UPF stands for ultraviolet protection factor on labels for clothing, hats and fabrics. A shirt with a UPF 50, for example, allows just 1/50th of the UV radiation to reach your skin. It’s also important to remember that clothing leaves some skin exposed, so even though you might be wearing sun protective clothing, it’s important to apply sunscreen to other areas of your skin exposed to the sun.
Glass blocks UVB rays pretty well, but allows UVA rays to pass through. Car windshields most commonly now are treated with products that shield drivers from most UVA. However, side, back and sunroof windows usually don’t contain the same protective treatments. So, adding special tints to those windows might be important for people who are at greater risk for skin cancer. Windows on trains, airplanes and buses do not have ultraviolet light protective coatings, which put pilots and frequent travelers at greater risk for developing skin cancer.
It’s important to avoid direct sun exposure between the hours of 10 am and 4 p.m., when the sun’s rays are most intense. Staying in the shade whenever possible helps, but even if you’re in the shave, UV rays can pass through trees and be reflected off of water, sand, glass and concrete and can still damage our skin.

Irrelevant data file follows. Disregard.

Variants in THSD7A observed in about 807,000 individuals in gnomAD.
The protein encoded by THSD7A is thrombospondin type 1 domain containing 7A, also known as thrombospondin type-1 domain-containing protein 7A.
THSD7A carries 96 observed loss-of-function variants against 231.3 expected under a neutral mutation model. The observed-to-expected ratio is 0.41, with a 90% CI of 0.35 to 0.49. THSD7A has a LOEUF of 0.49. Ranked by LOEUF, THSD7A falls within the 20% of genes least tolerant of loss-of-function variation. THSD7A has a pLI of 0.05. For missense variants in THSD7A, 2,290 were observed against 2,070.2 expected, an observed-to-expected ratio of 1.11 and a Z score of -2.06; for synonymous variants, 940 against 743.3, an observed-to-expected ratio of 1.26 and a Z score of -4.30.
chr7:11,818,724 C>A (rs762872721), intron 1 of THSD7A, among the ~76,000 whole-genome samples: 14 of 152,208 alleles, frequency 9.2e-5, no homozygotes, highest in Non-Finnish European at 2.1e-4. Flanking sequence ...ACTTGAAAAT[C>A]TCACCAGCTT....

Sunscreen should not be applied to infants younger than 6 months old, but it’s important that they be protected from UV exposure with clothing, sunglasses, hats and stroller sunshades. Sunscreen can be applied to children six months and older.
How does sunscreen work?
The active ingredients in chemical sunscreens work by absorbing ultraviolet radiation. Some people are allergic to these ingredients. For patients with allergies to chemical sunscreens, physical sunscreens containing titanium dioxide or zinc oxide are alternatives for protection.
Physical sunscreens such as titanium dioxide and zinc oxide work by reflecting and scattering ultraviolet and visible radiation. The large particle size of these ingredients makes them opaque and enables them to block some visible light, but may make them cosmetically unacceptable to patients. As a result, non-opaque, micronized formulations of titanium and zinc oxide have been developed.